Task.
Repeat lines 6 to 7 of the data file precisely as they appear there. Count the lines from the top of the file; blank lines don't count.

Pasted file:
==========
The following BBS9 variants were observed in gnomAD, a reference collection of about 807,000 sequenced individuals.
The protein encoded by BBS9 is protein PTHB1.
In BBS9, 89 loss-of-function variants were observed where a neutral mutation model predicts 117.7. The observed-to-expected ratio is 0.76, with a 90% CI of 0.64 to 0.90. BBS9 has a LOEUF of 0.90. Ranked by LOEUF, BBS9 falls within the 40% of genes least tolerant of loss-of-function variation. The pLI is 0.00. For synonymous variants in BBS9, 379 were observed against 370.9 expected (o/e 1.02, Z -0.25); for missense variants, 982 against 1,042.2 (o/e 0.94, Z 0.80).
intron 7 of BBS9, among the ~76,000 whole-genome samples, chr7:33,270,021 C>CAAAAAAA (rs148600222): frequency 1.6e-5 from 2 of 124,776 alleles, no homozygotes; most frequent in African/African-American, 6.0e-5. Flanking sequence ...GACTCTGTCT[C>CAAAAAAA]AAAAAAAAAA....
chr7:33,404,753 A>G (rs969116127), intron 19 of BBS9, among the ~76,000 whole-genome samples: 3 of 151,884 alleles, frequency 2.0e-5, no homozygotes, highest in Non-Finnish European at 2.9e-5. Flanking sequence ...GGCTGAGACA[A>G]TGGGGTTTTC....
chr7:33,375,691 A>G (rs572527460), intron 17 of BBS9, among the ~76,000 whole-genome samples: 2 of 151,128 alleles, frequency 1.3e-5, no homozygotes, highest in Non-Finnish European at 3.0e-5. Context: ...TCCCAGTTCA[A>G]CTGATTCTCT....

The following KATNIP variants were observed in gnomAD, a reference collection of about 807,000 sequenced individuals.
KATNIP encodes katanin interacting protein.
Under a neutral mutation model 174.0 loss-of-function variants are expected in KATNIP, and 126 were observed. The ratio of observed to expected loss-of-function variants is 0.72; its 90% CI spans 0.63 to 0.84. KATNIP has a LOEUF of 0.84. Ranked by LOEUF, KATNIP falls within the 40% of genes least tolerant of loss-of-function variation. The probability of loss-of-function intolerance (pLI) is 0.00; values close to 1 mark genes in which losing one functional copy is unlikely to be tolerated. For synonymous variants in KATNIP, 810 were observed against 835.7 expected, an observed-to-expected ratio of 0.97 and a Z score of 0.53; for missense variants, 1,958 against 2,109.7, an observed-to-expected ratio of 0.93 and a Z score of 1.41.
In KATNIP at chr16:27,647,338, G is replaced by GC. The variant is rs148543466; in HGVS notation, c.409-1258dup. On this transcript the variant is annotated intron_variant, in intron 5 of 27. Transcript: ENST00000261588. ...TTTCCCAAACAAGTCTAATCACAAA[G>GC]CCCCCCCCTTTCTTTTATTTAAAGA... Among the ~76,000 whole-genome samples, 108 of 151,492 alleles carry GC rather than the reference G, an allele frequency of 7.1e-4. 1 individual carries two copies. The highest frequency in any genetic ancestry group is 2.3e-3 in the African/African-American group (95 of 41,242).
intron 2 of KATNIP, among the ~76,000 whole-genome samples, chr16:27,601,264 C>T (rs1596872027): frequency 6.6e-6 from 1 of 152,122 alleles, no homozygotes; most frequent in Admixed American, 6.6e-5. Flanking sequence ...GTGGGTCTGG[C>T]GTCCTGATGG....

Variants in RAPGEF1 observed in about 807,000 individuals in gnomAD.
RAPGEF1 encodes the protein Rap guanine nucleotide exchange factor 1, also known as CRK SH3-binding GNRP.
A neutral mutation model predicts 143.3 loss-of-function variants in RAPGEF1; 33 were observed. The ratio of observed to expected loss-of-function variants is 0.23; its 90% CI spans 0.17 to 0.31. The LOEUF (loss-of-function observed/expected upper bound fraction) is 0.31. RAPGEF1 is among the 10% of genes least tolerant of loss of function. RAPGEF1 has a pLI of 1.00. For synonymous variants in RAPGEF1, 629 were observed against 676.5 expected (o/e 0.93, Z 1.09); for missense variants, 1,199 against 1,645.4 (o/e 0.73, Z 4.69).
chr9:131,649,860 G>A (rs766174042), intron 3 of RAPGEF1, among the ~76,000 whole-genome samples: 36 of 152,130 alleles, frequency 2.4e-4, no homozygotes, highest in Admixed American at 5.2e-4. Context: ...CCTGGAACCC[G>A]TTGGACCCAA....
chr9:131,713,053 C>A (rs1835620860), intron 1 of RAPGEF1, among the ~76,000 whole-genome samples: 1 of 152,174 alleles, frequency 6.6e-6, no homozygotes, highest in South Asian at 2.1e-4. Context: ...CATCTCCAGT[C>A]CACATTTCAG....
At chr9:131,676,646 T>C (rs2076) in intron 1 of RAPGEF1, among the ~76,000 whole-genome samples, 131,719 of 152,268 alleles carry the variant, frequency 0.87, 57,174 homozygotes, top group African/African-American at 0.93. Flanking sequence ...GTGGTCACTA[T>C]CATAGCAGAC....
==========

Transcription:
chr7:33,375,691 A>G (rs572527460), intron 17 of BBS9, among the ~76,000 whole-genome samples: 2 of 151,128 alleles, frequency 1.3e-5, no homozygotes, highest in Non-Finnish European at 3.0e-5. Context: ...TCCCAGTTCA[A>G]CTGATTCTCT....

The following KATNIP variants were observed in gnomAD, a reference collection of about 807,000 sequenced individuals.